Friday, July 01, 2011

Did NOAA Exaggerate?

I think Steve Goddard did (sort of) catch NOAA in a mistake or (?) exaggeration on sea level, though it seems to have come from their Communications department and not the actual report. In their press release on the just-released 2010 State of the Climate report they write "...sea level continued to rise," and that's what made it into the Washington Post. (Though the Post reporter should have questioned that; if his beat is climate science, he should have been aware that sea-level has been flat, at best, for the last few years.) But nothing in the report or the media briefing says that, at least that I've found. On the contrary, the report contains this graph (Figure 3.29, pg S100), which clearly shows that overall sea level (mass + steric) has not risen for about three years:

As usual, though, people like Goddard allow no room for simple mistakes, immediately calling them "clowns or criminals?" Sometimes people just make mistakes (and if it is found to be more than that it'd be troubling) but this is a bad one because, as media people should know, one mistake like this can distract from the message of the big picture. I've written them to ask.

PS: "steric" sea-level rise is that due to thermal expansion of water; the mass component, called "eustatic," is from an increase in ocean mass from glacier and (nonfloating) ice melt, dam releases, etc.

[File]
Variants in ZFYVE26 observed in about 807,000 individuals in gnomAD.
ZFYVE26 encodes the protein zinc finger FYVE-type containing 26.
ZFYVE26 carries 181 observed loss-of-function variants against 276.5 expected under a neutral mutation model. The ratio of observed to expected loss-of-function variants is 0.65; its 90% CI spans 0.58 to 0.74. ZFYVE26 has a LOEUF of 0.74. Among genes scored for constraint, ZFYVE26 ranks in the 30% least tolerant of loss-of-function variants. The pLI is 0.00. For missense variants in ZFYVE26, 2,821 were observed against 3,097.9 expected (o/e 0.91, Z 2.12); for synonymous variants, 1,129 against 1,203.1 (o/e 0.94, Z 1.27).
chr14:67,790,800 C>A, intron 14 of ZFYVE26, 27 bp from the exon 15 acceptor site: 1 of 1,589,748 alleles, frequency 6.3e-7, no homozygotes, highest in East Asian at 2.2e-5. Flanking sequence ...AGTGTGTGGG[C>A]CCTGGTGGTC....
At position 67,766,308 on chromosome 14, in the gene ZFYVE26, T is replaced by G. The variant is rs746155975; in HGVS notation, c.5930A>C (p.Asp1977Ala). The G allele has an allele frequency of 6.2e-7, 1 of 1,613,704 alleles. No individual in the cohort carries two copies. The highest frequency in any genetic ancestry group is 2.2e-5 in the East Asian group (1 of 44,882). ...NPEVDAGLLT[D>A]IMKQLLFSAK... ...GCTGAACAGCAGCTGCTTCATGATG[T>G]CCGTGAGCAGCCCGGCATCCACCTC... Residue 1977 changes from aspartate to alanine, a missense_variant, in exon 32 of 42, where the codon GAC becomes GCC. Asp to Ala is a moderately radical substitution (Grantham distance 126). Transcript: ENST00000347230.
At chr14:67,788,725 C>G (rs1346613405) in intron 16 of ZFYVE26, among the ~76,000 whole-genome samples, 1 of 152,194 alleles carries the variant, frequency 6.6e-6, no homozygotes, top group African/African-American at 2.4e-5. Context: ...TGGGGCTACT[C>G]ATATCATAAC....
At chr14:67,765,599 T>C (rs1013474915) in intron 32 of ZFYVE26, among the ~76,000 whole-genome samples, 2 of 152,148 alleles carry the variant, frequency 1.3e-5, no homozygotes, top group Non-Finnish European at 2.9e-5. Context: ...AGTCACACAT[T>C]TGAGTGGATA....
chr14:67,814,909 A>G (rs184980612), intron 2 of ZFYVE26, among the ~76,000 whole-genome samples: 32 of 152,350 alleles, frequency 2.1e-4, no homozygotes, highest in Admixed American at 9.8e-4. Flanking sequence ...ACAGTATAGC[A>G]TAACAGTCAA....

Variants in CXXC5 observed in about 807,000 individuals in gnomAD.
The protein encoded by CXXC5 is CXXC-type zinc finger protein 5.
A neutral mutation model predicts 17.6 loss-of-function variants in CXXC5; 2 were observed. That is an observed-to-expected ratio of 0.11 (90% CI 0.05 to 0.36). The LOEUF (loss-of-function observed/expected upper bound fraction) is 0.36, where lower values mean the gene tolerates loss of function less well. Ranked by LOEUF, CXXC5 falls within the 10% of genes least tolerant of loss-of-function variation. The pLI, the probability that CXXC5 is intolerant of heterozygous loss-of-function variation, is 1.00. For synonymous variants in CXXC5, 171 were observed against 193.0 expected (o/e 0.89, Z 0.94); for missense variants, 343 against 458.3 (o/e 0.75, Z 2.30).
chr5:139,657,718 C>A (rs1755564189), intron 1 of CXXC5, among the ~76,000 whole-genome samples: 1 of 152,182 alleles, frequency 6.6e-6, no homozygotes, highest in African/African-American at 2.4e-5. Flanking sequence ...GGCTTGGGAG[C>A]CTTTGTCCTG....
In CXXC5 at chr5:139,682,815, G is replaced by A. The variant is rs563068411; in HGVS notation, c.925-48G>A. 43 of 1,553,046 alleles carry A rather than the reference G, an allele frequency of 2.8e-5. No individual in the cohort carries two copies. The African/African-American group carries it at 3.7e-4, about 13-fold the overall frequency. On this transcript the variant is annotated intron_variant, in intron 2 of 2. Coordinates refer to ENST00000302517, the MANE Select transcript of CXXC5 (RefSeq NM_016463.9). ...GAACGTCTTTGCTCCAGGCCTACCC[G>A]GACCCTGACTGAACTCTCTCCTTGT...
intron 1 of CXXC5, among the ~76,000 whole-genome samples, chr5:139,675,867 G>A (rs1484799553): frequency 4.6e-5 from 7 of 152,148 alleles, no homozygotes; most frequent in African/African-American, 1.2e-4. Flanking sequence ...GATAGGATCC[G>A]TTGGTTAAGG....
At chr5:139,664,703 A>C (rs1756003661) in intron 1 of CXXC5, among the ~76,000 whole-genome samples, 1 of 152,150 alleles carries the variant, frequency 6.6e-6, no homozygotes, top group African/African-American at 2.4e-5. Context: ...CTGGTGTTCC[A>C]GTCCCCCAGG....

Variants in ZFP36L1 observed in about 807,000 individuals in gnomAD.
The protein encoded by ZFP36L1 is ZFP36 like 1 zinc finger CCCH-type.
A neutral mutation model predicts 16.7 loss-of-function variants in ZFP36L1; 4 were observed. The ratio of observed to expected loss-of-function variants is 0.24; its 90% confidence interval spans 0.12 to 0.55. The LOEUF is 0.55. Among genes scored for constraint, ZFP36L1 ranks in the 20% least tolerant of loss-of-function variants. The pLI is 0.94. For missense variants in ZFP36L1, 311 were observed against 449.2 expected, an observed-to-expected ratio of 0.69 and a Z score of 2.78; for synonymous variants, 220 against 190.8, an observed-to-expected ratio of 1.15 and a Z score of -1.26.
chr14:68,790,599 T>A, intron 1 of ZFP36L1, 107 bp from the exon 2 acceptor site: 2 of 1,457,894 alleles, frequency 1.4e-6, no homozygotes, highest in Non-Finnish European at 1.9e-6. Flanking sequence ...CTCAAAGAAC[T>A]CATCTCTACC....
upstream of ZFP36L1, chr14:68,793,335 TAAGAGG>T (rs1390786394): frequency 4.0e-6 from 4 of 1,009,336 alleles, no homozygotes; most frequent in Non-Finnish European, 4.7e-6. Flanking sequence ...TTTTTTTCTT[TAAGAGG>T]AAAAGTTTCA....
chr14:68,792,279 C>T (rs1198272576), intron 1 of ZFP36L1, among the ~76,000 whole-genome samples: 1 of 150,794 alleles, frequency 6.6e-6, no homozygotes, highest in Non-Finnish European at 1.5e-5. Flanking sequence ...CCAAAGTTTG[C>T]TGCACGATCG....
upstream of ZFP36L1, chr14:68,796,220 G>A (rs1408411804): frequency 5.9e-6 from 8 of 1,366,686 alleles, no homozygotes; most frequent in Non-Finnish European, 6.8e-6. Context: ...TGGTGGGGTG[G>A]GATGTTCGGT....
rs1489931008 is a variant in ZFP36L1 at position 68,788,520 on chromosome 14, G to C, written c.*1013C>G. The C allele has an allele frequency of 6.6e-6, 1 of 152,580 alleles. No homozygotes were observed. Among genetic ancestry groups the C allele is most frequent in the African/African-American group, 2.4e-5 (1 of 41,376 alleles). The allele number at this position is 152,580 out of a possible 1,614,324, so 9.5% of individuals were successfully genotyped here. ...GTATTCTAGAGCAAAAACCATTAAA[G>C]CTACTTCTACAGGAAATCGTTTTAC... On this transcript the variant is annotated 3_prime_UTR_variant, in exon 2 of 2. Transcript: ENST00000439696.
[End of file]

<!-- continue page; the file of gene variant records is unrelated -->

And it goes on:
frflyer said...

I'm not sure I understand. The steric component is derived from sea water temps down to 700m? Assuming that's true, if there is more deep ocean mixing than we know of, it couldn't it be wrong?
Or is it just what's left, after you subtract the eustatic element derived from ice melt data, from the total sea level rise?

I am also confused because the caption says Jason is in agreement with the sum (in purple) of ocean mass and steric components, which appears to be in an uptrend.

Warning, I'm colorblind.

Anonymous said...

I noticed your Mauna Load Observatory CO2 widget on the side of the main page. Following rule #1, why would you record CO2 levels beside the world's most active volcano to represent global concentrations? Is that just another mistake?

David Appell said...

No, it's not a mistake, but ignorance on your part -- human emissions of CO2 are about 100 times that of all volcanoes.

NnN said...

im not so sure

David Appell said...

I'm sure:

"Volcanic vs Anthropogenic Carbon Dioxide," T Gerlach, EOS v92 n24, June 14, 2011.